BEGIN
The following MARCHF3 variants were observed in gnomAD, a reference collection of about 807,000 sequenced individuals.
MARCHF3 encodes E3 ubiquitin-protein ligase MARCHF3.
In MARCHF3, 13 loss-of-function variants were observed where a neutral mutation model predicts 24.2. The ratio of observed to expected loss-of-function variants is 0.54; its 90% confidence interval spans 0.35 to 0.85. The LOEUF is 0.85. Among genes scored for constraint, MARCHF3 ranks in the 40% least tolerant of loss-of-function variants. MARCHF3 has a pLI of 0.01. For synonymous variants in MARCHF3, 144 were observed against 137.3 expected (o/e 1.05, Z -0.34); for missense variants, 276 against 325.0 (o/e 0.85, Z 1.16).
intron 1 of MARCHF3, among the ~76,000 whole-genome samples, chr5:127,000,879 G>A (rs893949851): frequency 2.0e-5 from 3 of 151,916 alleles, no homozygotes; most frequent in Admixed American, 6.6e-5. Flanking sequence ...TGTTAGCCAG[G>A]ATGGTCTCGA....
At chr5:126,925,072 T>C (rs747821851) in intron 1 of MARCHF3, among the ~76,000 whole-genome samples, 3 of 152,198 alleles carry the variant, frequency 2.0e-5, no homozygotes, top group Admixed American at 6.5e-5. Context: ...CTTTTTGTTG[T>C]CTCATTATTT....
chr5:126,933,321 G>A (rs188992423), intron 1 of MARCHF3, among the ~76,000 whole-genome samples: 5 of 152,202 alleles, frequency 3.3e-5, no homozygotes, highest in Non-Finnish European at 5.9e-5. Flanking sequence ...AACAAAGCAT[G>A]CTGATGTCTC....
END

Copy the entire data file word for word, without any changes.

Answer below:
The following MARCHF3 variants were observed in gnomAD, a reference collection of about 807,000 sequenced individuals.
MARCHF3 encodes E3 ubiquitin-protein ligase MARCHF3.
In MARCHF3, 13 loss-of-function variants were observed where a neutral mutation model predicts 24.2. The ratio of observed to expected loss-of-function variants is 0.54; its 90% confidence interval spans 0.35 to 0.85. The LOEUF is 0.85. Among genes scored for constraint, MARCHF3 ranks in the 40% least tolerant of loss-of-function variants. MARCHF3 has a pLI of 0.01. For synonymous variants in MARCHF3, 144 were observed against 137.3 expected (o/e 1.05, Z -0.34); for missense variants, 276 against 325.0 (o/e 0.85, Z 1.16).
intron 1 of MARCHF3, among the ~76,000 whole-genome samples, chr5:127,000,879 G>A (rs893949851): frequency 2.0e-5 from 3 of 151,916 alleles, no homozygotes; most frequent in Admixed American, 6.6e-5. Flanking sequence ...TGTTAGCCAG[G>A]ATGGTCTCGA....
At chr5:126,925,072 T>C (rs747821851) in intron 1 of MARCHF3, among the ~76,000 whole-genome samples, 3 of 152,198 alleles carry the variant, frequency 2.0e-5, no homozygotes, top group Admixed American at 6.5e-5. Context: ...CTTTTTGTTG[T>C]CTCATTATTT....
chr5:126,933,321 G>A (rs188992423), intron 1 of MARCHF3, among the ~76,000 whole-genome samples: 5 of 152,202 alleles, frequency 3.3e-5, no homozygotes, highest in Non-Finnish European at 5.9e-5. Flanking sequence ...AACAAAGCAT[G>A]CTGATGTCTC....